# Multicollinearity when controlling for a variable

I have a few questions about multicollinearity in my data: I'm looking at a certain type of lesion seen on MRI scans; for each patient I know the volume of those lesions and a metric that captures the pattern of their distribution. I'm interested in the effect of the pattern metric on a clinical score, above and beyond the effect of the volume. The pattern metric is highly correlated with the volume (r = 0.7) though, which is in the nature of things because the more area the lesions cover in the brain, the more they are part of one cohesive area as opposed to being separate blobs. This made me wonder a few things:

1. Is there an issue of multicollinearity in a regression like clinical score ~ pattern + volume? Mitigating such an issue seems to defeat the purpose of what I am trying to see.
2. The pattern metric has been corrected for volume, i.e. each person's metric has been divided by that person's lesion volume. Do I still need to take volume into account in my regression if it is in a way already incorporated?
3. If I want to do a correlation instead of a regression, is there a difference between a) a partial correlation of clinical score and pattern metric after accounting for volume, and b) a correlation of clinical score and residualized pattern metric (after regressing the pattern metric on volume)?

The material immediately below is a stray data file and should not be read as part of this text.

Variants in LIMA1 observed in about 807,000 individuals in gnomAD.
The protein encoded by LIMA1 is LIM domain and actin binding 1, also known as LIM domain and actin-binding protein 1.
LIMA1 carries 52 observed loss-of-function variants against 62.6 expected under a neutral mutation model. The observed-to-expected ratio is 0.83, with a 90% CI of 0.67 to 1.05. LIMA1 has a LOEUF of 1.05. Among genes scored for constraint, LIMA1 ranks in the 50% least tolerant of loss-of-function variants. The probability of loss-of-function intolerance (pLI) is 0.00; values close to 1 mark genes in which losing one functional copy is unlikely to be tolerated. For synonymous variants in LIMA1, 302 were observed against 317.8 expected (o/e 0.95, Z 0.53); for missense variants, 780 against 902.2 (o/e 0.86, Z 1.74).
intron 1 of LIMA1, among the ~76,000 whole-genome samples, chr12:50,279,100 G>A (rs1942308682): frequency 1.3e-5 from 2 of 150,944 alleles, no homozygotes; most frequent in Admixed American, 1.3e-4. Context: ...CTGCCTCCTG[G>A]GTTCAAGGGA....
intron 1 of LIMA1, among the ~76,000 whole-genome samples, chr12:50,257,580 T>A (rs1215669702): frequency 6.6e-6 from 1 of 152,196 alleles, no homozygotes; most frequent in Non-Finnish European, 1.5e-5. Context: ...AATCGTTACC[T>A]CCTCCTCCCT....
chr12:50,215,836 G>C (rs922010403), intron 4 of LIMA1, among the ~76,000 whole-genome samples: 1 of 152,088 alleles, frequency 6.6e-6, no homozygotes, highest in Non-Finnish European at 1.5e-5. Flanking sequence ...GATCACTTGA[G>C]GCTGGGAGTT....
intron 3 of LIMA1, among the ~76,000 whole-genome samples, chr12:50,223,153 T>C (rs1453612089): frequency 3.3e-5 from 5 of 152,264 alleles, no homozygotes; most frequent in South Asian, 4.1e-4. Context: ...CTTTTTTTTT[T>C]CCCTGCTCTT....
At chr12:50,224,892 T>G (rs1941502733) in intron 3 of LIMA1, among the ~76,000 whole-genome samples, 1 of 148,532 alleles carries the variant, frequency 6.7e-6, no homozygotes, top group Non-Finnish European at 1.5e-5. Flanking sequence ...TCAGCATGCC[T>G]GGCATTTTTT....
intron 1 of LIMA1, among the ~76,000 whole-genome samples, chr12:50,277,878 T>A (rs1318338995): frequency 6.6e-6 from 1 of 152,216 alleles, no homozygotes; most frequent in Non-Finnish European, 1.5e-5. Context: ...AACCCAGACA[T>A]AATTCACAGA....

4. When I calculated the correlation of clinical score and residualized pattern metric, the correlation was higher than before residualizing, is that a normal observation? I noticed that the correlation of clinical score and volume is negative while the one of clinical score and pattern is positive, I was not sure if that was a sign that something is wrong given that the correlation of pattern and volume is positive and large. Maybe this is exactly why the correlation with clinical score is higher after residualizing? Is there an analytical way of digging deeper into this?

• If clinical score is your outcome, you would do better to plot the data with that on the vertical axis. Commented Jul 30 at 13:02

By completely arbitrary convention, you don't have a 'problem' with multicollinearity until the $${\rm VIF}\ge10$$. With just two $$X$$ variables, that would require the pairwise correlation to be $$r\ge0.95$$. Thus, $$r=0.7$$ would not be multicollinearity. In fact, your $${\rm VIF}$$ should be about $$2$$. I don't really see a problem here. Remember that: $${\rm VIF} = \frac{1}{1-r^2}$$ Moreover, what multicollinearity does is basically just increase the uncertainty of your estimates. That is, the standard errors / confidence intervals are wider, and you have less power and a higher p-value. If your result is currently significant (I can't quite tell from your write up), then there is no issue; if it's not significant, more power (perhaps rerunning the study with a larger dataset or controlling for another source of variability in the clinical score) might yield a clearer result.